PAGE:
The Worker, Retiree, and Employer Recovery Act of 2008, P.L. 110-4582 (WRERA)
American Taxpayer Relief Act of 2012, P.L. 112-240
Tax Exempt Quality Measurement System (TEQMS) is the quality control system used to oversee the entire examination program. For more information on TEQMS, see IRM 22.214.171.124.3, Program Controls and Program Reports - TEQMS.
All examinations will be done in accordance with the Taxpayer Bill of Rights as listed in IRC 7803(a)(3).
This manual uses the following acronyms and references the following forms.
Acronym Definition ADP Actual Deferral Percentage DO Delegation Order EACA Eligible Automatic Contribution Arrangement EGTRRA The Economic Growth and Tax Relief Reconciliation Act of 2001, EP Employee Plans EPCRS Employee Plans Compliance Resolution System HCE Highly Compensated Employees IRA Individual Retirement Arrangements IRC Internal Revenue Code JCWAA Job Creation and Worker Assistance Act of 2002 LRM Listing of Required Modification NHCE Non-Highly Compensated Employees SARSEP Salary Reduction Simplified Employee SBJPA Small Business Job Protection Act of 1996 SCP Self-Correction Program SEP Simplified Employee Pension SIMPLE Savings Incentive Match Plan for Employees TEQMS Tax Exempt Quality Measurement System TWB Taxable Wage Base VCP Voluntary Correction Program WRERA The Worker, Retiree, and Employer Recovery Act of 2008
Forms, Schedules and Publications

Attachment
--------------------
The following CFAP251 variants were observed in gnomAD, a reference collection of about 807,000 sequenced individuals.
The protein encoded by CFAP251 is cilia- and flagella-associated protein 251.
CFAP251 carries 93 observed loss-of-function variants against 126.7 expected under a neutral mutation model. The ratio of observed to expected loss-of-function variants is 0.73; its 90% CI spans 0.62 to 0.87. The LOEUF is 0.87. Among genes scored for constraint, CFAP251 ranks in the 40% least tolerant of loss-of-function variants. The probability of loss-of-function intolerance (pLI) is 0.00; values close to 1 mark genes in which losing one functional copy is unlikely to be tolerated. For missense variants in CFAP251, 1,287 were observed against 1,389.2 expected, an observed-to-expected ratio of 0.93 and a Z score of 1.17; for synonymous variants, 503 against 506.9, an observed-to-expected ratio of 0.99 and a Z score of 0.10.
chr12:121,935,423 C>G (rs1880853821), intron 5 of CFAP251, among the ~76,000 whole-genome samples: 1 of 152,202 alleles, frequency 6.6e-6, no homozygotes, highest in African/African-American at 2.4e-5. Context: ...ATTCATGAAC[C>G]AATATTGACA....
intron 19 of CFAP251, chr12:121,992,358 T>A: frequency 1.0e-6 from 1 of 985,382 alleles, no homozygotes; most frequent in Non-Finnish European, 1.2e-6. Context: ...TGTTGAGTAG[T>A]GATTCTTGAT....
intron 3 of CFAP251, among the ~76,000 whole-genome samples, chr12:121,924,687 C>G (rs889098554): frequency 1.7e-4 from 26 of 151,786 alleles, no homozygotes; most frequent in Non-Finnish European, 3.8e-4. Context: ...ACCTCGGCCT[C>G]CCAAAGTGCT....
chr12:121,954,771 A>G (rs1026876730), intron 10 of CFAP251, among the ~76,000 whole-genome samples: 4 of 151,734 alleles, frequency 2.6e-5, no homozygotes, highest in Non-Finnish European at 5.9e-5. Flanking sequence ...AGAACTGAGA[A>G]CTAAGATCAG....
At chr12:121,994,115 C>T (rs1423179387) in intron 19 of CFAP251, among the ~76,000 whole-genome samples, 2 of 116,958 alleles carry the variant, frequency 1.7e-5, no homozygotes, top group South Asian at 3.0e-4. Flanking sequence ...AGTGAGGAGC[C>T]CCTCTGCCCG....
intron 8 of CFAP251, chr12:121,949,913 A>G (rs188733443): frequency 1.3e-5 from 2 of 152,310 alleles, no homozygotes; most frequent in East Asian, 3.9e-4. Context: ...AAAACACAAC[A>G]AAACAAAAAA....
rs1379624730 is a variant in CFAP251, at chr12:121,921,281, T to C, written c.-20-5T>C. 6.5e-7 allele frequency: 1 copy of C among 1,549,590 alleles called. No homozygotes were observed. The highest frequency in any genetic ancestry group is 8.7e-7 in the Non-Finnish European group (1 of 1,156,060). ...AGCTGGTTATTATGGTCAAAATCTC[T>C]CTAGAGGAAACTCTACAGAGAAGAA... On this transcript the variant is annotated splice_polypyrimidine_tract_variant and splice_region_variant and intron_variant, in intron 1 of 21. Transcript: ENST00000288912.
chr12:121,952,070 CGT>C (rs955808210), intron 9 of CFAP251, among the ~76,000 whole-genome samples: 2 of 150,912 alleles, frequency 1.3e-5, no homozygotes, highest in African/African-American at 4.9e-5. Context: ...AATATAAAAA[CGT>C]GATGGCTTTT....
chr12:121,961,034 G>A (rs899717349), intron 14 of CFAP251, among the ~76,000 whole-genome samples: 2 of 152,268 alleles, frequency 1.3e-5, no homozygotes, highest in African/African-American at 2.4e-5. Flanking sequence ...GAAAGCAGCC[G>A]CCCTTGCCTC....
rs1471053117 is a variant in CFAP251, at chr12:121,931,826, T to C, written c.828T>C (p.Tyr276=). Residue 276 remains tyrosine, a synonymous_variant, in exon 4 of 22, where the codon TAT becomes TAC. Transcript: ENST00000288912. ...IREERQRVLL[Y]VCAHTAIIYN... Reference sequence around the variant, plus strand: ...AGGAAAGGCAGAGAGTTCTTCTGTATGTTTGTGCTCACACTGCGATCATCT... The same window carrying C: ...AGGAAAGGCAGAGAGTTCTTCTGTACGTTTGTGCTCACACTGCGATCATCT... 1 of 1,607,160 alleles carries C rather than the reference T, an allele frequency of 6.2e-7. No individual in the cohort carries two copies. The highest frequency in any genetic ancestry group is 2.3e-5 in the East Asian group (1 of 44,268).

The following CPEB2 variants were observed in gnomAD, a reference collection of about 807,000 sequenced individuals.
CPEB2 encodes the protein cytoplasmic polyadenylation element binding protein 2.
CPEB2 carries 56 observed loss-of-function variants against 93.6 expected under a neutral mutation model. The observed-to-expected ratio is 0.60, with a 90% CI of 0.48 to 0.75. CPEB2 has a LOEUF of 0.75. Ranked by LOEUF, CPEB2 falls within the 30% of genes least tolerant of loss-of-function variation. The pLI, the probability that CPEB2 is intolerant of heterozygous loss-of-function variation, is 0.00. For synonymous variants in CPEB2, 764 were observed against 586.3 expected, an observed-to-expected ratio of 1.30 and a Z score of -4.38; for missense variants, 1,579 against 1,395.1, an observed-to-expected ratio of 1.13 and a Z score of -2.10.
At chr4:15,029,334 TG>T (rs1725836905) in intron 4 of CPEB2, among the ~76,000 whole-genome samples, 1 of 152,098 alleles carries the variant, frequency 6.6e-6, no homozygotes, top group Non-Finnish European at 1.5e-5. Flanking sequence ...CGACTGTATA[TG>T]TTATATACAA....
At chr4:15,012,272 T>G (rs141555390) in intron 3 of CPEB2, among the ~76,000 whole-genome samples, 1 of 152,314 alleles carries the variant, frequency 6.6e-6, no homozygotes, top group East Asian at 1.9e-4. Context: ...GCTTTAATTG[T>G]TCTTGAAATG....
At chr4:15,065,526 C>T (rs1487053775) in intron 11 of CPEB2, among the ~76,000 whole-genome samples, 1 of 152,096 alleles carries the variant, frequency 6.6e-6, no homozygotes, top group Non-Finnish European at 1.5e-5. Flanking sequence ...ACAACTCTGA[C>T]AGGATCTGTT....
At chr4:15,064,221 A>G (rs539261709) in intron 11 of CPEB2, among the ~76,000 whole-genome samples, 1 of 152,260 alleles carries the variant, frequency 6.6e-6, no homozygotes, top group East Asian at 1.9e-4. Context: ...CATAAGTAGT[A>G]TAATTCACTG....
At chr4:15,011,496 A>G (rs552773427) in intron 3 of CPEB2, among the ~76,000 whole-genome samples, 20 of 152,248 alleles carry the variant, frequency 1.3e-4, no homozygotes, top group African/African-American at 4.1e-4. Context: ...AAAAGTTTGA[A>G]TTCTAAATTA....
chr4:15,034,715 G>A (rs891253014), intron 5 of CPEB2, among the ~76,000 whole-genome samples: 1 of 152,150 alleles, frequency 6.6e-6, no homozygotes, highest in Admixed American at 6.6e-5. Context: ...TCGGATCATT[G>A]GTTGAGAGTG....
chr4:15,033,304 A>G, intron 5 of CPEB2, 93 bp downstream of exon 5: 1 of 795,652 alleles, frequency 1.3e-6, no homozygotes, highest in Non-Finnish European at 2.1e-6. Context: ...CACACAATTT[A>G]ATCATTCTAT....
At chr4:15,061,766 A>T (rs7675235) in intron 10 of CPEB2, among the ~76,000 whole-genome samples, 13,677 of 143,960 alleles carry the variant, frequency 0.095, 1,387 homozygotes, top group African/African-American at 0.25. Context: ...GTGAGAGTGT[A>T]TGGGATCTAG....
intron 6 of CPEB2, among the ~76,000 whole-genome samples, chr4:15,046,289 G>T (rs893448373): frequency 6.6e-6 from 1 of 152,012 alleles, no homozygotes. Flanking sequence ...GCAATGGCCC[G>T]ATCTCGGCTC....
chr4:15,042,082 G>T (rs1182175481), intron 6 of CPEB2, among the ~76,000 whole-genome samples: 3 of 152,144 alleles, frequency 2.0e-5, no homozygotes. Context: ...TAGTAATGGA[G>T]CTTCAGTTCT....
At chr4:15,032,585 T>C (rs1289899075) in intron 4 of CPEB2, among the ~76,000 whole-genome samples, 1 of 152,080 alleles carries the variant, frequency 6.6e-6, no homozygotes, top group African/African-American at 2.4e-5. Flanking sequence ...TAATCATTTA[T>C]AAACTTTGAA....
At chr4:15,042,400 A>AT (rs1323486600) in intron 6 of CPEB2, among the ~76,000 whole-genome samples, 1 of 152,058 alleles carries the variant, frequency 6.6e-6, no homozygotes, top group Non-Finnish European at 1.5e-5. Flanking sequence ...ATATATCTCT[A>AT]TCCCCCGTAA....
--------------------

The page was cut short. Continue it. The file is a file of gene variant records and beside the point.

Form Name Form W-2 Wage and Tax Statement Form 1040 U.S. Individual Income Tax Return Form 1040, Schedule C Profit or Loss From Business (Sole Proprietorship) Form 1065 U.S. Return of Partnership Income Form 1065, Schedule K-1 Partner's Share of Income, Deductions, Credits, etc Form 1099-R Distributions From Pensions, Annuities, Retirement or Profit-Sharing Plans, IRAs, Insurance Contracts, etc. Form 1120 U.S. Corporation Income Tax Return Form 5305-SEP Simplified Employee Pension-Individual Retirement Accounts Contribution Agreement Form 5305-A SEP Salary Reduction Simplified Employee Pension-Individual Retirement Accounts Contribution Agreement Form 5306-A Application for Approval of Prototype Simplified Employee Pension (SEP) or Savings Incentive Match Plan for Employees of Small Employers (SIMPLE IRA Plan) Form 5330 Return of Excise Taxes Related to Employee Benefit Plans Form 5498 IRA Contribution Information Form 5500 Annual Return/Report of Employee Benefit Plan Pub 560 Retirement Plans for Small Business Pub 590-B Distributions from Individual Retirement Arrangements (IRAs)
This IRM reflects the statutory changes made by the American Taxpayer Relief Act of 2012, P.L. 112-240 relating to SEPs and SARSEPs.
The information contained in this IRM is designed primarily to assist EP examination agents in identifying relevant issues relating to SEPs and SARSEPs.
Examination procedures for SEPs and SARSEPs are found in IRM 4.71.17, Employee Plans Examination of Returns, Non-Return Unit Examination Procedures. See IRM 126.96.36.199, Examination of SEPs, SARSEPS and SIMPLE Plans.
The requirements for SEPs are set forth in IRC 408(k).
A SEP is a written arrangement (a plan) that allows an employer to make contributions towards its employees’ retirement without becoming involved in more complex retirement plans.
A self-employed individual may also establish a SEP.
The contributions are made to traditional IRAs (not Roth or SIMPLE IRAs) of the plan participants.
Traditional IRAs used to receive contributions under a SEP are often referred to as "SEP-IRAs," and the SEP participant (IRA owner) can make his or her own regular IRA contributions ($5,500 for 2015, $6,500 if 50 or over) to these IRAs.
Under a SEP, IRAs are set up for each eligible employee. They do not have to be set up for excludable employees. These terms are described further below in this IRM.